Only 29% in Poll Back Reelection of Bush


A new nationwide poll indicates that, even as concern about the economy may be waning, only 29% of voters believe that President Bush deserves reelection and an overwhelming 80% remain pessimistic about the future of the country.

Bush advisers long have hoped that, as the economy improved, so would the President’s political prospects. But the new survey shows that, as voters have begun turning some of their attention from economic difficulties to other domestic problems--including education, crime and homelessness--Bush’s support still has dropped.

Nearly one-third of voters surveyed have a strongly unfavorable image of Bush, a negative rating even higher than that recorded by presumptive Democratic presidential nominee Bill Clinton, who is rated strongly negative by roughly one-quarter of those surveyed.

Independent Ross Perot has a strongly positive image, but most voters in the poll indicated that they know very little about him. And when given information about some aspects of Perot’s past, many voters move away from him, suggesting that he may lose support as the public learns more about him.


Still, Perot leads a three-way matchup, as he has in several other national polls. In the new survey, 36% would vote for Perot if the presidential election were held now, compared to 32% for Bush and 24% for Clinton.

The survey, conducted by pollsters Celinda Lake, a Democrat, and Edward A. Goeas III, a Republican, is the third in a series of polls they plan that are designed to examine underlying issues in the 1992 election. The recent survey questioned 1,000 registered voters from June 2 to 4 nationwide and has a margin of error of 3.1%.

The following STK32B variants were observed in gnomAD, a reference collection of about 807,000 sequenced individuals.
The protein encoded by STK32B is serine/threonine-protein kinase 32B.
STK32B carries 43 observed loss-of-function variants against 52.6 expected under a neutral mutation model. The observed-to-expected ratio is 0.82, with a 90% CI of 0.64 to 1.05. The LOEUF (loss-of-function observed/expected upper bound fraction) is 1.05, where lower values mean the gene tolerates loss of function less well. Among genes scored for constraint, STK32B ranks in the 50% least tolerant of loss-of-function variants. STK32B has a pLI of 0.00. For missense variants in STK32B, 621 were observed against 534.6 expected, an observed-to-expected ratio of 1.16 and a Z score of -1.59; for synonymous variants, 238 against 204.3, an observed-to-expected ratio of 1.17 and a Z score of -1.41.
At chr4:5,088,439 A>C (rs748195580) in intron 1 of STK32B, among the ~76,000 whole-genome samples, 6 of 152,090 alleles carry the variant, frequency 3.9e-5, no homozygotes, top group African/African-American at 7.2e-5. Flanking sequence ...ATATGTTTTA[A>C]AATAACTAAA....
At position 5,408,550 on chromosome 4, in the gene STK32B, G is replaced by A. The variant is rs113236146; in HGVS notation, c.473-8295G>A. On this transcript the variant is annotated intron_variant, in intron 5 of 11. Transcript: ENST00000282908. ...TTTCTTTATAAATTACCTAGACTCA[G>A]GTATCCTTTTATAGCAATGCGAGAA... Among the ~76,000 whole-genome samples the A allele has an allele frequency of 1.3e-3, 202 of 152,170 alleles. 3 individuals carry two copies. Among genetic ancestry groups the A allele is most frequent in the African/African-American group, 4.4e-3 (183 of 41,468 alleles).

In January, the last time the pair conducted a poll, 64% of voters surveyed said the economy posed the greatest threat to the country. Now, by contrast, 48% of voters give that response.

Despite that shift, Bush’s approval ratings have dropped. In January, 48% approved of Bush’s job performance. Now only 38% do.

The new poll also reported that 31% have a strongly unfavorable image of Bush.

By comparison, 26% have a strongly unfavorable view of Clinton. And despite the eight months he has spent campaigning for the White House, only 45% said they know Clinton well or very well, whereas 54% said they know him only a little or not at all.

Clinton strategists continue to hope that, as voters learn more about him, his ratings will improve. Focus groups, for example, have shown that a large number of potential voters believe incorrectly that Clinton grew up wealthy. When told about his actual childhood--a widow’s son who worked to put himself through college--voters’ view of Clinton tends to improve.

The survey showed potential vulnerabilities for Perot.


For instance, when told that Perot had hired lobbyists and given campaign contributions to members of Congress while seeking tax breaks that would have benefited him, 67% of voters said they would be less likely to support him. And Perot’s past links with Marine Lt. Col. Oliver L. North led 46% to say they would be less inclined to back him.